Embodied Placemaking: Filipina Migrant Domestic Workers’ Neighborhood in Beirut


  • Dalia Zein Graduate Institute of International and Development Studies in Geneva




migrant domestic workers, Lebanon, placemaking, intersectionality


Based on a larger ethnographic project that investigates the spatial impact of the kafala (sponsorship) system on the access and mobility of migrant domestic workers (MDWs) in Beirut, Lebanon, this paper focuses on embodiment and the placemaking of Filipina MDWs in the city. From a theoretical lens that is placed at the intersection between the anthropology of space and place and feminist geography, I argue that the ways in which the precarious and marginalized community of Filipinas creatively makes place for themselves in the city despite spatial exclusion, labor restrictions, and employers’ control, ascribe new meanings to these already existing productions of Beiruti space. The argument is delivered through a spatial ethnographic analysis based on two months of participant observation and semi-structured interviews.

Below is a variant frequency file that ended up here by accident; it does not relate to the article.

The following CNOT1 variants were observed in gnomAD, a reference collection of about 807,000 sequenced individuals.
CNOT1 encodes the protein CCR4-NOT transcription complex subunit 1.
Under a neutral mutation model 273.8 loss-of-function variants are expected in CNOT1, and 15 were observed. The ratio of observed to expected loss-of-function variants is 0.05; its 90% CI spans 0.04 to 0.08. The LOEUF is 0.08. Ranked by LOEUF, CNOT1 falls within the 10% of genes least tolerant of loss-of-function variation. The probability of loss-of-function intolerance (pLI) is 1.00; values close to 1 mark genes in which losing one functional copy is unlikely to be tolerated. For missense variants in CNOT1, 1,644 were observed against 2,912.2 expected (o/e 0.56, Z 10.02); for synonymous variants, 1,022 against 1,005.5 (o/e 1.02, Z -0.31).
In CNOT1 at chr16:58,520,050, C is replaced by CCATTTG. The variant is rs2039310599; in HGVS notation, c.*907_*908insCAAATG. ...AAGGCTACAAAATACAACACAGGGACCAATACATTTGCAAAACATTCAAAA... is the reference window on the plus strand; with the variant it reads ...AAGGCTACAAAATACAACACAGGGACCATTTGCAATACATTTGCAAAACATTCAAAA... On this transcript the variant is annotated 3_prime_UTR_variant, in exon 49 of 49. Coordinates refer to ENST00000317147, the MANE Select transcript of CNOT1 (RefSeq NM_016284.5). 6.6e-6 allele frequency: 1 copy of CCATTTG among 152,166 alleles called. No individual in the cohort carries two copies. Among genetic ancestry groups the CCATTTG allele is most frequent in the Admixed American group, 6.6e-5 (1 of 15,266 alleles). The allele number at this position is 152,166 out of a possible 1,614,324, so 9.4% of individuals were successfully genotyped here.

Author Biography

Dalia Zein, Graduate Institute of International and Development Studies in Geneva

Dalia Zein is a PhD candidate and teaching assistant at the department of Anthropology and Sociology at the Graduate Institute of International and Development Studies in Geneva. Originally with a background in landscape design and work experience in the urban development sector, her research interests center around the notions of cities, space and place and how they are lived by individuals with various gender, race, and class identities or migration experience. 



2020-10-15 — Updated on 2020-10-15